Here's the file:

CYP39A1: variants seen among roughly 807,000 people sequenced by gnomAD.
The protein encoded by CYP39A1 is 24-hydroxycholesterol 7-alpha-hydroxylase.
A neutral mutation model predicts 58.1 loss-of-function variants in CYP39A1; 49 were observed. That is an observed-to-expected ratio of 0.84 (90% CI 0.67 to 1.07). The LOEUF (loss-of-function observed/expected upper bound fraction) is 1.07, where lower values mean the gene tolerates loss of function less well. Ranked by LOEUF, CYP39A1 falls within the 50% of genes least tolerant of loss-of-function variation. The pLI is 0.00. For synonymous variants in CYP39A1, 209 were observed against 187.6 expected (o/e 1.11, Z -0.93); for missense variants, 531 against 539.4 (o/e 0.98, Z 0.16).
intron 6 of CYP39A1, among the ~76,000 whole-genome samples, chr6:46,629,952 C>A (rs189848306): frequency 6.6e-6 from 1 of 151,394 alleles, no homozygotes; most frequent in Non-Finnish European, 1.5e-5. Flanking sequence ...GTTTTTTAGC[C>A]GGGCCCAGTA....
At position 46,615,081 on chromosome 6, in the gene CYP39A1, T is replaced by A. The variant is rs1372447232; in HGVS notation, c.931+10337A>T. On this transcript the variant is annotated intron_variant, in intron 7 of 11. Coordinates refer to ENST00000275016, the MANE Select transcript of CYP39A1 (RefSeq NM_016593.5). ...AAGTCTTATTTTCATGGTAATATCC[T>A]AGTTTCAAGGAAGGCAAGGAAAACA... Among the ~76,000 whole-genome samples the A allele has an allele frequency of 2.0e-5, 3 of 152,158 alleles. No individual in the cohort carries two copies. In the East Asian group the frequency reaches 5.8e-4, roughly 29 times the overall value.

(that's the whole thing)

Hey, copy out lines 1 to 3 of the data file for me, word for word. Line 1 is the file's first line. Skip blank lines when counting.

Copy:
CYP39A1: variants seen among roughly 807,000 people sequenced by gnomAD.
The protein encoded by CYP39A1 is 24-hydroxycholesterol 7-alpha-hydroxylase.
A neutral mutation model predicts 58.1 loss-of-function variants in CYP39A1; 49 were observed. That is an observed-to-expected ratio of 0.84 (90% CI 0.67 to 1.07). The LOEUF (loss-of-function observed/expected upper bound fraction) is 1.07, where lower values mean the gene tolerates loss of function less well. Ranked by LOEUF, CYP39A1 falls within the 50% of genes least tolerant of loss-of-function variation. The pLI is 0.00. For synonymous variants in CYP39A1, 209 were observed against 187.6 expected (o/e 1.11, Z -0.93); for missense variants, 531 against 539.4 (o/e 0.98, Z 0.16).